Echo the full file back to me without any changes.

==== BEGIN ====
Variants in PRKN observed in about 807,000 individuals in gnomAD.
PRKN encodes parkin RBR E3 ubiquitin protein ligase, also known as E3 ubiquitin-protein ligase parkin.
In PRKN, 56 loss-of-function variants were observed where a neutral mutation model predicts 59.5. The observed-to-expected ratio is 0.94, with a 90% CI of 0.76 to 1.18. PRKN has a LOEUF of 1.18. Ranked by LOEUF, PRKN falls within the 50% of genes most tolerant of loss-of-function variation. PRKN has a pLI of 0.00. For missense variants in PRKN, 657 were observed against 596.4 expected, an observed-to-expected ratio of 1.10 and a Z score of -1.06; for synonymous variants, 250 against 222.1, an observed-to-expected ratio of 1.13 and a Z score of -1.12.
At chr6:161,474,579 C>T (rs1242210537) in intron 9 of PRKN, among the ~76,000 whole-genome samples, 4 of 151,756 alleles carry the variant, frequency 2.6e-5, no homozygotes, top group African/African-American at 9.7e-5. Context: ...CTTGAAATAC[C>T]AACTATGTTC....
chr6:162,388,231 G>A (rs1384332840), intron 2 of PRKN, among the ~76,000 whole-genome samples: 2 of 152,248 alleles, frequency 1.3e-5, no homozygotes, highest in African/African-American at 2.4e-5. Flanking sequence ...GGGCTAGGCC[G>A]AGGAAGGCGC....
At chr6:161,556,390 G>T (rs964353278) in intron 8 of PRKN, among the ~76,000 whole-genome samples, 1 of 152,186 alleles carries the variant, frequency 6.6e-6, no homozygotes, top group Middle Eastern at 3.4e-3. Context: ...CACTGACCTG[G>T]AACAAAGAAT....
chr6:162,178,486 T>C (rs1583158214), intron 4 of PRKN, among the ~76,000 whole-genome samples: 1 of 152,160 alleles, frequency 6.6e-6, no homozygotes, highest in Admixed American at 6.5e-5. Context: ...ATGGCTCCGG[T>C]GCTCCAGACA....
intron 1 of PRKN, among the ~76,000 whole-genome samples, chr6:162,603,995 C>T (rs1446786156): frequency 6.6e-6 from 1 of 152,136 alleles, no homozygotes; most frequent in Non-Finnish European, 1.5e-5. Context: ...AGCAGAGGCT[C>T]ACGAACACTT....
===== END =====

Variants in PRKN observed in about 807,000 individuals in gnomAD.
PRKN encodes parkin RBR E3 ubiquitin protein ligase, also known as E3 ubiquitin-protein ligase parkin.
In PRKN, 56 loss-of-function variants were observed where a neutral mutation model predicts 59.5. The observed-to-expected ratio is 0.94, with a 90% CI of 0.76 to 1.18. PRKN has a LOEUF of 1.18. Ranked by LOEUF, PRKN falls within the 50% of genes most tolerant of loss-of-function variation. PRKN has a pLI of 0.00. For missense variants in PRKN, 657 were observed against 596.4 expected, an observed-to-expected ratio of 1.10 and a Z score of -1.06; for synonymous variants, 250 against 222.1, an observed-to-expected ratio of 1.13 and a Z score of -1.12.
At chr6:161,474,579 C>T (rs1242210537) in intron 9 of PRKN, among the ~76,000 whole-genome samples, 4 of 151,756 alleles carry the variant, frequency 2.6e-5, no homozygotes, top group African/African-American at 9.7e-5. Context: ...CTTGAAATAC[C>T]AACTATGTTC....
chr6:162,388,231 G>A (rs1384332840), intron 2 of PRKN, among the ~76,000 whole-genome samples: 2 of 152,248 alleles, frequency 1.3e-5, no homozygotes, highest in African/African-American at 2.4e-5. Flanking sequence ...GGGCTAGGCC[G>A]AGGAAGGCGC....
At chr6:161,556,390 G>T (rs964353278) in intron 8 of PRKN, among the ~76,000 whole-genome samples, 1 of 152,186 alleles carries the variant, frequency 6.6e-6, no homozygotes, top group Middle Eastern at 3.4e-3. Context: ...CACTGACCTG[G>T]AACAAAGAAT....
chr6:162,178,486 T>C (rs1583158214), intron 4 of PRKN, among the ~76,000 whole-genome samples: 1 of 152,160 alleles, frequency 6.6e-6, no homozygotes, highest in Admixed American at 6.5e-5. Context: ...ATGGCTCCGG[T>C]GCTCCAGACA....
intron 1 of PRKN, among the ~76,000 whole-genome samples, chr6:162,603,995 C>T (rs1446786156): frequency 6.6e-6 from 1 of 152,136 alleles, no homozygotes; most frequent in Non-Finnish European, 1.5e-5. Context: ...AGCAGAGGCT[C>T]ACGAACACTT....